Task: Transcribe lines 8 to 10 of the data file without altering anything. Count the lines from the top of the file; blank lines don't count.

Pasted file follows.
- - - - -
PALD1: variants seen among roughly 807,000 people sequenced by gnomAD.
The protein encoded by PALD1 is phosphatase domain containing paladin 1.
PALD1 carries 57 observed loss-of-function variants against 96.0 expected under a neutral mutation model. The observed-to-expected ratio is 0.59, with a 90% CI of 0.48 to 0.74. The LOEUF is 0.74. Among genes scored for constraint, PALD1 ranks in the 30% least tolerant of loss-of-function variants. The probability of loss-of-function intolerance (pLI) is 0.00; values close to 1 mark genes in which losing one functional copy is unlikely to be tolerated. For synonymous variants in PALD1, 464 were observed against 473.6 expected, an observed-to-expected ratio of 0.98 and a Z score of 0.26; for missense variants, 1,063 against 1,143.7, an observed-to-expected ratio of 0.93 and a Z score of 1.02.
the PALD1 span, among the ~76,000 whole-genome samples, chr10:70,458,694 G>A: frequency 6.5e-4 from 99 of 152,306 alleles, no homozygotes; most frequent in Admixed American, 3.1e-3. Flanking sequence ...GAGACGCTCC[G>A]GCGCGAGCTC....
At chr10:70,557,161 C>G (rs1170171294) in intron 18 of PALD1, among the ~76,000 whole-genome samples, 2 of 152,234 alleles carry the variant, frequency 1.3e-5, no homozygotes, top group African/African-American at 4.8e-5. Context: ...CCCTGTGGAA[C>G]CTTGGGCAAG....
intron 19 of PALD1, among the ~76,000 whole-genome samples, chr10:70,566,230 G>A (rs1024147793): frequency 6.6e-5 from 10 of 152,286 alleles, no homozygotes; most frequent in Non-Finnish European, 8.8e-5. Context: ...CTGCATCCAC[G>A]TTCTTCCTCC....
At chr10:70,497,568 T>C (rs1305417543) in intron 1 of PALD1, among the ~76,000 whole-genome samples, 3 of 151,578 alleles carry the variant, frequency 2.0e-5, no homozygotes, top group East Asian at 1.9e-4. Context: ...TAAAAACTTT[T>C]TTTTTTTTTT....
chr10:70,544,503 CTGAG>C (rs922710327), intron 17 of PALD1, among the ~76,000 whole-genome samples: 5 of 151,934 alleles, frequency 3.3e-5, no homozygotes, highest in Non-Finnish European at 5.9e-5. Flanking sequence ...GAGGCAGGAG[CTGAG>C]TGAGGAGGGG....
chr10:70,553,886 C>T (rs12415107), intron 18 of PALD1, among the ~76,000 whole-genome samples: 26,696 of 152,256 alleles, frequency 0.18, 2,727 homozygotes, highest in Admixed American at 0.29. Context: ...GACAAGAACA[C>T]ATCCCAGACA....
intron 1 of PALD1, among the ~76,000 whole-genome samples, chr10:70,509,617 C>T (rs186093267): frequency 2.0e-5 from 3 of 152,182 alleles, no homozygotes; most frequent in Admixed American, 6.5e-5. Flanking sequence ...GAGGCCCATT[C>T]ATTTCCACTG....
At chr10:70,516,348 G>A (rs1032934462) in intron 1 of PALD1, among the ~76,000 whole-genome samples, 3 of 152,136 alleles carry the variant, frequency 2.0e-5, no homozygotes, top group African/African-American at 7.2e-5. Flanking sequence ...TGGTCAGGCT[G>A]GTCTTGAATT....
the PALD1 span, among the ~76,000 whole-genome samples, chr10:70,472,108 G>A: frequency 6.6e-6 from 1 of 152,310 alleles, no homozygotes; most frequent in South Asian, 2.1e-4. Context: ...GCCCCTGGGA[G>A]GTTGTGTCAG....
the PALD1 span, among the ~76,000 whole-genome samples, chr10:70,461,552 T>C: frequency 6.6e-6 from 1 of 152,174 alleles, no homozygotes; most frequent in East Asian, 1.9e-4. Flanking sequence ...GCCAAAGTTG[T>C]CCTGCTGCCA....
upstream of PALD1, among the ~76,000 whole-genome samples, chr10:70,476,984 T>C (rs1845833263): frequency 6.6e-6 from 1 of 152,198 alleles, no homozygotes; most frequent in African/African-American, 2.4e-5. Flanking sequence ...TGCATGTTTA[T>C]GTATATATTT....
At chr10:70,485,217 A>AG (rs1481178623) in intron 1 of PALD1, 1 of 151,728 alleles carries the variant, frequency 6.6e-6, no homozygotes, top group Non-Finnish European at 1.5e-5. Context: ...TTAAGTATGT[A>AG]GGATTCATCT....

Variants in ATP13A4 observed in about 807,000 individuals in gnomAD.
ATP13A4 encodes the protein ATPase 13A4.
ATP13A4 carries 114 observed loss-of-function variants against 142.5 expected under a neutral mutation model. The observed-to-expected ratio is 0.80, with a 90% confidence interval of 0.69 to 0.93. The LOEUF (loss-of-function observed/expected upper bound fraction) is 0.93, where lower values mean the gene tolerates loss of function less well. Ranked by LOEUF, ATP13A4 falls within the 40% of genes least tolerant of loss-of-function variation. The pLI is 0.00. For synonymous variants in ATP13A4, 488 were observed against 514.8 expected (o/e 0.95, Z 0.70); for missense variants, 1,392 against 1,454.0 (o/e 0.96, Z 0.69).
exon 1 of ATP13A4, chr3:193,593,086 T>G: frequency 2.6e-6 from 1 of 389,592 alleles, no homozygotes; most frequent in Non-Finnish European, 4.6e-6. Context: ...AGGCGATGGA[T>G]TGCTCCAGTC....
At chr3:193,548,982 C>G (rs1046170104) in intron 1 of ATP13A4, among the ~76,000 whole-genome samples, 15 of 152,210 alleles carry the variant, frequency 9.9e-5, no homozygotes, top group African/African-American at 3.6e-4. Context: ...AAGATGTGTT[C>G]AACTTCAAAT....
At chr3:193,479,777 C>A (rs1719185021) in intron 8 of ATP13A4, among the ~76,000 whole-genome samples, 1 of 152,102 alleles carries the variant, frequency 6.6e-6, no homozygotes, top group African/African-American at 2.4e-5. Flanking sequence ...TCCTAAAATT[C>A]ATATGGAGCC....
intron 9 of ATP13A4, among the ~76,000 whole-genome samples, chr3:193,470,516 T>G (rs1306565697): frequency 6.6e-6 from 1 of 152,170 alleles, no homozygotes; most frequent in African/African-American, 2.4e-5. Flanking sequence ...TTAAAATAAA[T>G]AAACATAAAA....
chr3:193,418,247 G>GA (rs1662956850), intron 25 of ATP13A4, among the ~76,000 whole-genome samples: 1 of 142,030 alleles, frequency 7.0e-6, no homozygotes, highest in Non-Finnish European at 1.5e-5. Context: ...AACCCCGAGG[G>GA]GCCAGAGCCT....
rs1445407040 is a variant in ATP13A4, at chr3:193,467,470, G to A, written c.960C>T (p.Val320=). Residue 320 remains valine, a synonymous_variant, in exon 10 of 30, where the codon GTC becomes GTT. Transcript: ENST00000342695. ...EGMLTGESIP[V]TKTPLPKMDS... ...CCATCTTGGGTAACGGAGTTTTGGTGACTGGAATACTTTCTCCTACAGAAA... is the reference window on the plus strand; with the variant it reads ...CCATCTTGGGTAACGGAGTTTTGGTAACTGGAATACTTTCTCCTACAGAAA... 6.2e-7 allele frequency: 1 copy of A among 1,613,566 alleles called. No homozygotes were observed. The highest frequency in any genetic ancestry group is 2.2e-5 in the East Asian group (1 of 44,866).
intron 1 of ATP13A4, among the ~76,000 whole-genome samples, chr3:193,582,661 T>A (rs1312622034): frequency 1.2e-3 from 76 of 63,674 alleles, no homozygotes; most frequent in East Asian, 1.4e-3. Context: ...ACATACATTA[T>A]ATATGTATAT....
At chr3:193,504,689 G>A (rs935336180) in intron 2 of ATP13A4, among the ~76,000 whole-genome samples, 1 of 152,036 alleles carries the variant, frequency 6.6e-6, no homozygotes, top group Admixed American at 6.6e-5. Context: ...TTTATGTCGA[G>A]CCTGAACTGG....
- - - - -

chr10:70,544,503 CTGAG>C (rs922710327), intron 17 of PALD1, among the ~76,000 whole-genome samples: 5 of 151,934 alleles, frequency 3.3e-5, no homozygotes, highest in Non-Finnish European at 5.9e-5. Flanking sequence ...GAGGCAGGAG[CTGAG>C]TGAGGAGGGG....
chr10:70,553,886 C>T (rs12415107), intron 18 of PALD1, among the ~76,000 whole-genome samples: 26,696 of 152,256 alleles, frequency 0.18, 2,727 homozygotes, highest in Admixed American at 0.29. Context: ...GACAAGAACA[C>T]ATCCCAGACA....
intron 1 of PALD1, among the ~76,000 whole-genome samples, chr10:70,509,617 C>T (rs186093267): frequency 2.0e-5 from 3 of 152,182 alleles, no homozygotes; most frequent in Admixed American, 6.5e-5. Flanking sequence ...GAGGCCCATT[C>T]ATTTCCACTG....